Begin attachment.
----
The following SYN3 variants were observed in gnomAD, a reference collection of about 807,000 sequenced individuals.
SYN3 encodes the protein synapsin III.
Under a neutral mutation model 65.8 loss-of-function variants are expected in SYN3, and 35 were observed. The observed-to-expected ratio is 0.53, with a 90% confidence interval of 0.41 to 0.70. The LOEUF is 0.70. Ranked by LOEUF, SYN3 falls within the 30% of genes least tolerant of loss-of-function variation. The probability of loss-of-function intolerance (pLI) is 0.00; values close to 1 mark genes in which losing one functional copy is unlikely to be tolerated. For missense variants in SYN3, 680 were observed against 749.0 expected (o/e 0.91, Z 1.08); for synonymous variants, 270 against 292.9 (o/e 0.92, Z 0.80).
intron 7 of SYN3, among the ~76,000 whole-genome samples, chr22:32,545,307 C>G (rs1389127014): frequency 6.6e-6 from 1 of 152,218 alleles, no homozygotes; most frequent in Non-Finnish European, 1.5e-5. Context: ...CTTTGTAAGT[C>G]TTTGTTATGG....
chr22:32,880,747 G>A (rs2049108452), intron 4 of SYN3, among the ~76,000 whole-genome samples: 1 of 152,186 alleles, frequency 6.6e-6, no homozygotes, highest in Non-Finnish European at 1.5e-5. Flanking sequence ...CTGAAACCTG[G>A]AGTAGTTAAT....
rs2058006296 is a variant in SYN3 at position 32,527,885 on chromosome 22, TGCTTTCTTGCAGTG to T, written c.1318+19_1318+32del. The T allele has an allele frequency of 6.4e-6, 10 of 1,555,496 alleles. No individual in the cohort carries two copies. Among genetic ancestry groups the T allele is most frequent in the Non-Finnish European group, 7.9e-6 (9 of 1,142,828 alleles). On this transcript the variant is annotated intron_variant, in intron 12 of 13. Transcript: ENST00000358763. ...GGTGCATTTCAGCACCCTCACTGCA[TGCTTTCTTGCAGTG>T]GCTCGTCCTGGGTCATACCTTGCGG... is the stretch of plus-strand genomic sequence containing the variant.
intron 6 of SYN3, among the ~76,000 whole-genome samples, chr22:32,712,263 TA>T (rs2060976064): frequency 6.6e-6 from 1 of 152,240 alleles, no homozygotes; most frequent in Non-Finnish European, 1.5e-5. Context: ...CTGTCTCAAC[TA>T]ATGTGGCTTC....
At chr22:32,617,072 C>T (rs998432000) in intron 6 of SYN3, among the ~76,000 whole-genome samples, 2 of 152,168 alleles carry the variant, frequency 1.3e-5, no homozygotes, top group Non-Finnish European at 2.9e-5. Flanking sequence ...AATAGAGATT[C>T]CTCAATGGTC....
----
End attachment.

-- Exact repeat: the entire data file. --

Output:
The following SYN3 variants were observed in gnomAD, a reference collection of about 807,000 sequenced individuals.
SYN3 encodes the protein synapsin III.
Under a neutral mutation model 65.8 loss-of-function variants are expected in SYN3, and 35 were observed. The observed-to-expected ratio is 0.53, with a 90% confidence interval of 0.41 to 0.70. The LOEUF is 0.70. Ranked by LOEUF, SYN3 falls within the 30% of genes least tolerant of loss-of-function variation. The probability of loss-of-function intolerance (pLI) is 0.00; values close to 1 mark genes in which losing one functional copy is unlikely to be tolerated. For missense variants in SYN3, 680 were observed against 749.0 expected (o/e 0.91, Z 1.08); for synonymous variants, 270 against 292.9 (o/e 0.92, Z 0.80).
intron 7 of SYN3, among the ~76,000 whole-genome samples, chr22:32,545,307 C>G (rs1389127014): frequency 6.6e-6 from 1 of 152,218 alleles, no homozygotes; most frequent in Non-Finnish European, 1.5e-5. Context: ...CTTTGTAAGT[C>G]TTTGTTATGG....
chr22:32,880,747 G>A (rs2049108452), intron 4 of SYN3, among the ~76,000 whole-genome samples: 1 of 152,186 alleles, frequency 6.6e-6, no homozygotes, highest in Non-Finnish European at 1.5e-5. Flanking sequence ...CTGAAACCTG[G>A]AGTAGTTAAT....
rs2058006296 is a variant in SYN3 at position 32,527,885 on chromosome 22, TGCTTTCTTGCAGTG to T, written c.1318+19_1318+32del. The T allele has an allele frequency of 6.4e-6, 10 of 1,555,496 alleles. No individual in the cohort carries two copies. Among genetic ancestry groups the T allele is most frequent in the Non-Finnish European group, 7.9e-6 (9 of 1,142,828 alleles). On this transcript the variant is annotated intron_variant, in intron 12 of 13. Transcript: ENST00000358763. ...GGTGCATTTCAGCACCCTCACTGCA[TGCTTTCTTGCAGTG>T]GCTCGTCCTGGGTCATACCTTGCGG... is the stretch of plus-strand genomic sequence containing the variant.
intron 6 of SYN3, among the ~76,000 whole-genome samples, chr22:32,712,263 TA>T (rs2060976064): frequency 6.6e-6 from 1 of 152,240 alleles, no homozygotes; most frequent in Non-Finnish European, 1.5e-5. Context: ...CTGTCTCAAC[TA>T]ATGTGGCTTC....
At chr22:32,617,072 C>T (rs998432000) in intron 6 of SYN3, among the ~76,000 whole-genome samples, 2 of 152,168 alleles carry the variant, frequency 1.3e-5, no homozygotes, top group Non-Finnish European at 2.9e-5. Flanking sequence ...AATAGAGATT[C>T]CTCAATGGTC....